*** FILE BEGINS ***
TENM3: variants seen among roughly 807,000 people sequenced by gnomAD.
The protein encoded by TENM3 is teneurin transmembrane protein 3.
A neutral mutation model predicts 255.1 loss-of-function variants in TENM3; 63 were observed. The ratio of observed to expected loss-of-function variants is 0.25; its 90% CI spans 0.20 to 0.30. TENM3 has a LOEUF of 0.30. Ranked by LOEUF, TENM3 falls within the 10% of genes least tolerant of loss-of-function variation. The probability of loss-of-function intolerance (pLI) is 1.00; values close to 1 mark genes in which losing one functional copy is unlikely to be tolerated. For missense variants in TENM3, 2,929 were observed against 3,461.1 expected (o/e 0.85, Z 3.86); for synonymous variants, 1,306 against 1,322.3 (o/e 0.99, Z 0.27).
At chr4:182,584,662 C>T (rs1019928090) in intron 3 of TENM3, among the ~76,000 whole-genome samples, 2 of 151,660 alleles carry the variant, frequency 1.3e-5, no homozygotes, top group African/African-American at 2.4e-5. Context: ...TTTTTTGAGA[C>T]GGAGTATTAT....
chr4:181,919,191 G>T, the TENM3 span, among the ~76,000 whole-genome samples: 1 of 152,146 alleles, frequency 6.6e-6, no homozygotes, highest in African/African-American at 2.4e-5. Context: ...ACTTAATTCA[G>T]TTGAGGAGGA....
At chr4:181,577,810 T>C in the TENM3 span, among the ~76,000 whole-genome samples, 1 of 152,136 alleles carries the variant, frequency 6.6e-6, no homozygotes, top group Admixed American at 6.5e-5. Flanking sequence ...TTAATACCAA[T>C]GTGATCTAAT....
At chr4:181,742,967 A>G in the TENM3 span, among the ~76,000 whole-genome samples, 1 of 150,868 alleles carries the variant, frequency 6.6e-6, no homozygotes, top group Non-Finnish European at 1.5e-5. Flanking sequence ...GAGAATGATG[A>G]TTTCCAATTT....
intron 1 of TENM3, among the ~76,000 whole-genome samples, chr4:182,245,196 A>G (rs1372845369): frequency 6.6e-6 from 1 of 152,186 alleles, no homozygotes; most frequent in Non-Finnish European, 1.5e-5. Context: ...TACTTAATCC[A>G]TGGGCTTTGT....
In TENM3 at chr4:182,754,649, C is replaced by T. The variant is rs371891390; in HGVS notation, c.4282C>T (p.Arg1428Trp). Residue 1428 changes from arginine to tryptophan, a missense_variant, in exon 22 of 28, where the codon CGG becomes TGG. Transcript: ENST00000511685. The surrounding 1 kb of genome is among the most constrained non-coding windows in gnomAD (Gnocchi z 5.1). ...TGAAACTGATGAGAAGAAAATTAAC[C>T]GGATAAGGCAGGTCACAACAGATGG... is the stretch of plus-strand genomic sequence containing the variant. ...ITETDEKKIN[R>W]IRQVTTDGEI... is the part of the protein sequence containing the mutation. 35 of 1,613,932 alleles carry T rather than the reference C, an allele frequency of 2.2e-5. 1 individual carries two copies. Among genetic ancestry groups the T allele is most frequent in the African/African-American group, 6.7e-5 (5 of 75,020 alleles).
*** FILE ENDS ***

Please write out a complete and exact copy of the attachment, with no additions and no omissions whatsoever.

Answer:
TENM3: variants seen among roughly 807,000 people sequenced by gnomAD.
The protein encoded by TENM3 is teneurin transmembrane protein 3.
A neutral mutation model predicts 255.1 loss-of-function variants in TENM3; 63 were observed. The ratio of observed to expected loss-of-function variants is 0.25; its 90% CI spans 0.20 to 0.30. TENM3 has a LOEUF of 0.30. Ranked by LOEUF, TENM3 falls within the 10% of genes least tolerant of loss-of-function variation. The probability of loss-of-function intolerance (pLI) is 1.00; values close to 1 mark genes in which losing one functional copy is unlikely to be tolerated. For missense variants in TENM3, 2,929 were observed against 3,461.1 expected (o/e 0.85, Z 3.86); for synonymous variants, 1,306 against 1,322.3 (o/e 0.99, Z 0.27).
At chr4:182,584,662 C>T (rs1019928090) in intron 3 of TENM3, among the ~76,000 whole-genome samples, 2 of 151,660 alleles carry the variant, frequency 1.3e-5, no homozygotes, top group African/African-American at 2.4e-5. Context: ...TTTTTTGAGA[C>T]GGAGTATTAT....
chr4:181,919,191 G>T, the TENM3 span, among the ~76,000 whole-genome samples: 1 of 152,146 alleles, frequency 6.6e-6, no homozygotes, highest in African/African-American at 2.4e-5. Context: ...ACTTAATTCA[G>T]TTGAGGAGGA....
At chr4:181,577,810 T>C in the TENM3 span, among the ~76,000 whole-genome samples, 1 of 152,136 alleles carries the variant, frequency 6.6e-6, no homozygotes, top group Admixed American at 6.5e-5. Flanking sequence ...TTAATACCAA[T>C]GTGATCTAAT....
At chr4:181,742,967 A>G in the TENM3 span, among the ~76,000 whole-genome samples, 1 of 150,868 alleles carries the variant, frequency 6.6e-6, no homozygotes, top group Non-Finnish European at 1.5e-5. Flanking sequence ...GAGAATGATG[A>G]TTTCCAATTT....
intron 1 of TENM3, among the ~76,000 whole-genome samples, chr4:182,245,196 A>G (rs1372845369): frequency 6.6e-6 from 1 of 152,186 alleles, no homozygotes; most frequent in Non-Finnish European, 1.5e-5. Context: ...TACTTAATCC[A>G]TGGGCTTTGT....
In TENM3 at chr4:182,754,649, C is replaced by T. The variant is rs371891390; in HGVS notation, c.4282C>T (p.Arg1428Trp). Residue 1428 changes from arginine to tryptophan, a missense_variant, in exon 22 of 28, where the codon CGG becomes TGG. Transcript: ENST00000511685. The surrounding 1 kb of genome is among the most constrained non-coding windows in gnomAD (Gnocchi z 5.1). ...TGAAACTGATGAGAAGAAAATTAAC[C>T]GGATAAGGCAGGTCACAACAGATGG... is the stretch of plus-strand genomic sequence containing the variant. ...ITETDEKKIN[R>W]IRQVTTDGEI... is the part of the protein sequence containing the mutation. 35 of 1,613,932 alleles carry T rather than the reference C, an allele frequency of 2.2e-5. 1 individual carries two copies. Among genetic ancestry groups the T allele is most frequent in the African/African-American group, 6.7e-5 (5 of 75,020 alleles).